Sunday, July 25, 2010

Korea Toastmasters 3rd National Conference

Toastmasters events are great places to strike up a conversation with friendly strangers. Even if you go by yourself, assuming that you're relatively sane and can string a coherent sentence together, you'll make friends. On the other hand, when I go to science conferences, people seem less friendly on average and more socially awkward. And conversation generally revolves around a narrow topic field. Not to dismiss the scientific community entirely though, they have been known to drink a post-conference beer or three and duly experience 'declining social inhibition as a result of ethanol intoxication'.

But at Toastmasters, the whole focus is on improving communication and interpersonal skills. So if anyone gave you a cold shoulder after you greeted them, it would be they who were in the wrong place.

The 3rd Korea Toastmasters conference and speech competition was held at the Dragon Hill Lodge, on the US army base at Yongsan.

I'd never been here before, and was impressed with the gardening. You know you're getting old when you go to a garden party and get more excited by the garden.

Ka-Hee likes Toastmasters, but doesn't often get to attend due to work commitments. Every time I post a photo of her on this blog, I promptly ask her if she's seen it yet.

The answer is usually no.

One thing we both like are refreshments. I usually wait until she takes the lead.

The conference kicked off in the main building. The MC for the night was the same as last year, a funny man who runs the show with military precision.

"Testing! Testing! 1..2...3! Your attention please! The conference will begin in exactly 2 minutes. Exactly 2 minutes ladies and gentlemen. 2 minutes. Be ready!"

During the event, one of the workshops we attended was on voice projection, run by Jinsuk Lee (a reporter for MBC). Apparently if you practice trying to speak clearly with a chopstick in your mouth, your clarity will improve. Sitting next to my wife in this photo is Ka-Yong, who we just met. She's a student in my department, in the forest ecology lab.

Inspecting the pink camera in this photo is Ju-Hee, an SRTM member who found my blog online. She said she really likes it. Thanks Ju-Hee!
To the right of her is Pil-Soo Oh, the CEO of Lundbeck Korea. I still tutor his employees during the week. He likes to play golf and is a pretty friendly guy.

Around 240 guests showed up for the event, and more wanted to come but tickets were limited. I'm guessing next year they'll have to do it someplace bigger. No one in Korea Toastmasters is paid a penny, everyone is a volunteer and all proceeds go into further club events.

The food was not very good, and there wasn't enough to go around.

But we're a forgiving bunch.

Here's our very own Ron Cahoon who represented SRTM in the speech competition.  Ron is a gifted speaker and has a very powerful presence. The standards of all of the speeches were admirably high.

And this is Keith Ostergaard, an international Toastmasters director who flew here from Beijing for the event. He has three DTM awards, which means he has completed at least 165 prepared speeches, plus various other leadership activities. If you earn the DTM award, you get a wooden plaque and a letter from HQ to your employer, explaining what you have accomplished. A single DTM would take a focused person quite a few years.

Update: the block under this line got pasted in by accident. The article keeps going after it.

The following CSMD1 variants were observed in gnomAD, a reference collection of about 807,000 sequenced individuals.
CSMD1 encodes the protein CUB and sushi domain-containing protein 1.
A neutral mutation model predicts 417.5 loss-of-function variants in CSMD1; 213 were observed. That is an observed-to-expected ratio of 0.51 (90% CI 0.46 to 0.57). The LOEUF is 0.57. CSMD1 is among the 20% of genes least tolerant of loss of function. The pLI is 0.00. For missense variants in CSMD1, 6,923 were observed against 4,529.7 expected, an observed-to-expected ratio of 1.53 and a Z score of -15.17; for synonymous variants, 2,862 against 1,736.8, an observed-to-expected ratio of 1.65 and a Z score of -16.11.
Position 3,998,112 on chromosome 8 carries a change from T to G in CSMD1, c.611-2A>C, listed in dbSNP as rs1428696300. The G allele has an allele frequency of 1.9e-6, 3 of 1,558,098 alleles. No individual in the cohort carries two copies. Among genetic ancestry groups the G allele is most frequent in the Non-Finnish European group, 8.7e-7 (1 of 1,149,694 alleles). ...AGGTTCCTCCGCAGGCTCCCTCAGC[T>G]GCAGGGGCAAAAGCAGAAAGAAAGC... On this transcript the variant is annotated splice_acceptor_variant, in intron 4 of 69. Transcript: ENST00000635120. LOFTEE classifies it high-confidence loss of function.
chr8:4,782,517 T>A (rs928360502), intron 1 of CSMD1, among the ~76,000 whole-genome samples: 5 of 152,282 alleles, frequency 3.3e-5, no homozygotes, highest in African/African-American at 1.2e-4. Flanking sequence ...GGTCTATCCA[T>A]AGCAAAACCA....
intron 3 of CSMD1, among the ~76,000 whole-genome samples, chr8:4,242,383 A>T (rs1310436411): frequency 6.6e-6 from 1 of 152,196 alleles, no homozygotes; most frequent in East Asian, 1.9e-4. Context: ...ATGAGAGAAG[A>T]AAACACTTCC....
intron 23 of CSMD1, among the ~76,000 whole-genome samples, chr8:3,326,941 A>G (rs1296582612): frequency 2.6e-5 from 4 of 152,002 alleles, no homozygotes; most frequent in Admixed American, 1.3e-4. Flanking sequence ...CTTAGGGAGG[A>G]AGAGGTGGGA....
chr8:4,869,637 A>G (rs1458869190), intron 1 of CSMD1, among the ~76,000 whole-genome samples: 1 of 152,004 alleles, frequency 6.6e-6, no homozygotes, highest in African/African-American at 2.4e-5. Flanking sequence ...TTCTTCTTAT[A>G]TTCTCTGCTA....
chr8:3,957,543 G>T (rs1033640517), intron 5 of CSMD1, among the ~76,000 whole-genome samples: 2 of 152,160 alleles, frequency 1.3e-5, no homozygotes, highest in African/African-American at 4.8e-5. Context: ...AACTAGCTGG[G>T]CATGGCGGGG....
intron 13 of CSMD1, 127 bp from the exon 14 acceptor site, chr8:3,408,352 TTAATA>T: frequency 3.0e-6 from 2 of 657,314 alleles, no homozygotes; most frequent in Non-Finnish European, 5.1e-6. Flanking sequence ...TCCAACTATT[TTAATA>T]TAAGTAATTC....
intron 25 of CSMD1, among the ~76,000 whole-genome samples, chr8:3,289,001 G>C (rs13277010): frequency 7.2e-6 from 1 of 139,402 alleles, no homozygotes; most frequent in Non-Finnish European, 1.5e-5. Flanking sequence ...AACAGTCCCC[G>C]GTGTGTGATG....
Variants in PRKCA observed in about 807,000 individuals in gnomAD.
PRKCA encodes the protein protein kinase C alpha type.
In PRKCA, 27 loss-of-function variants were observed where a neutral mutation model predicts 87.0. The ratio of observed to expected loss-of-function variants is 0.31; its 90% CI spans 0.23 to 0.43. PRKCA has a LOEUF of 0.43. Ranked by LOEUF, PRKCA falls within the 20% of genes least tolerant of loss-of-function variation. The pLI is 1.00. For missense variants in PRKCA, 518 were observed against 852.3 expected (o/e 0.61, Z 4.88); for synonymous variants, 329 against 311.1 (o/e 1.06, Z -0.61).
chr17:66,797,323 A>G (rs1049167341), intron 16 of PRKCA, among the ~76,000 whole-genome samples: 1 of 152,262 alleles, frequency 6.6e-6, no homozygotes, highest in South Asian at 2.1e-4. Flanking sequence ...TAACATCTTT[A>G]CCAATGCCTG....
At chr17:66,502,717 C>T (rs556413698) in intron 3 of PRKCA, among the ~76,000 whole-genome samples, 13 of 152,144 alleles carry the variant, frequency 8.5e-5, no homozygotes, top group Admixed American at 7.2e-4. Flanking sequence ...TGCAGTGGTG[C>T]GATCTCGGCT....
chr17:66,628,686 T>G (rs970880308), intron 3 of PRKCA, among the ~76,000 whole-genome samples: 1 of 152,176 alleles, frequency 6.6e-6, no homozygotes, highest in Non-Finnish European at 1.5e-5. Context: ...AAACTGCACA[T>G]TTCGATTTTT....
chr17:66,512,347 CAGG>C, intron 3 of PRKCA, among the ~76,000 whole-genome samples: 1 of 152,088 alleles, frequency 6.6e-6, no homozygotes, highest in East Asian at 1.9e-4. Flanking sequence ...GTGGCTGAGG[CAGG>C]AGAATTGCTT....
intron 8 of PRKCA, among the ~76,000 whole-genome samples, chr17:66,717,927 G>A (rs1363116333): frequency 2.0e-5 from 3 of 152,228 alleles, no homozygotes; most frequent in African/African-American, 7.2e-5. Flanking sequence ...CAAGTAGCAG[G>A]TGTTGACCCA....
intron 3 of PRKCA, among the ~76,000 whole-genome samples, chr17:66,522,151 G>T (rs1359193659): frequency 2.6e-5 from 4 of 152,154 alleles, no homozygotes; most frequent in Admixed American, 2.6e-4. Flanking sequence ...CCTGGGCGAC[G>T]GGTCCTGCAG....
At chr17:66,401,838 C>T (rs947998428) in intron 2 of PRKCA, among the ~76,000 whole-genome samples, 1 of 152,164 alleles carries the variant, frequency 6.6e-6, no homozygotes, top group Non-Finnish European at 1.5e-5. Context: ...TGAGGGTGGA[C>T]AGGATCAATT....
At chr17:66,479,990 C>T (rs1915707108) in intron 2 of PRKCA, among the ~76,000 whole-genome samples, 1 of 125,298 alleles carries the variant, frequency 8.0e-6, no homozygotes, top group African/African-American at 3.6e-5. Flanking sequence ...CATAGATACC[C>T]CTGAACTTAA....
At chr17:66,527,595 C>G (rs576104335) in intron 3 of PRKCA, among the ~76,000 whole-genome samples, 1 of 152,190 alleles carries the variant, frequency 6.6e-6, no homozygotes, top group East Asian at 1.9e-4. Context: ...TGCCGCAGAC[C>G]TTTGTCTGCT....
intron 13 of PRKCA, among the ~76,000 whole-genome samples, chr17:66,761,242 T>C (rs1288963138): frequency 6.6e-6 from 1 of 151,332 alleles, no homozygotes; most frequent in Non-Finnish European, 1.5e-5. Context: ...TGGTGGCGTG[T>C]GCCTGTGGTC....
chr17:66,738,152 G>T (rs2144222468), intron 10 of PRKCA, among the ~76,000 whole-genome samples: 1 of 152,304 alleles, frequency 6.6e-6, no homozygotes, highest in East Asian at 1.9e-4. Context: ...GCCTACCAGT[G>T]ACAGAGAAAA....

DTM: The Distinguished Toastmaster award.

And here's our table. We're a happy bunch. Next month we plan on going to the beach together.

Want to get involved?


Moa said...

Looks fine! Toastmasters is so popular huh? =)
Haha, it still feels a bit weird to read "Ka-hee" instead of "Heather"! ;-)

Anonymous said...

A wonderful post, Lee. Are you a member of Toastmasters? I don't remember you saying. You could easily win a DTM.

Lee Farrand said...

Yes, I prefer 'Heather' myself.

Hi Bill, I've been a member for a while now... although a DTM will take me years more.

kmg365 said...

It's great to see how SRTM has developed since I last participated in it back in 2005. It was truly one of the things I missed about Seoul, and that's so cool they've expanded their venues on to Dragon Hill Lodge. Anyhoo, that's an interesting exercise using the chopstick in the mouth although I think it's specific only to Korean speakers, as proper Korean pronunciation has different requirements that practically go against the grain of speaking properly in English. (Speaking Korean correctly requires forming your sounds at the front of the mouth -- specifically from your alveolar ridge to the tip of your tongue -- with little or no movement of the lips.) On the other hand, English and other Germanic languages being more guttural in nature, require that sounds be formed in the back of the throat, with clear annunciation being achieved by using a full range of motion with the lips and lower jaw. (Getting Korean EFL speakers to improve their English pronunciation by making intentional guttural noises while opening their mouths more widely than they're used to when speaking Korean -- as well as using a fuller range of their lips and lower jaw muscles -- can be a feat in and of itself.)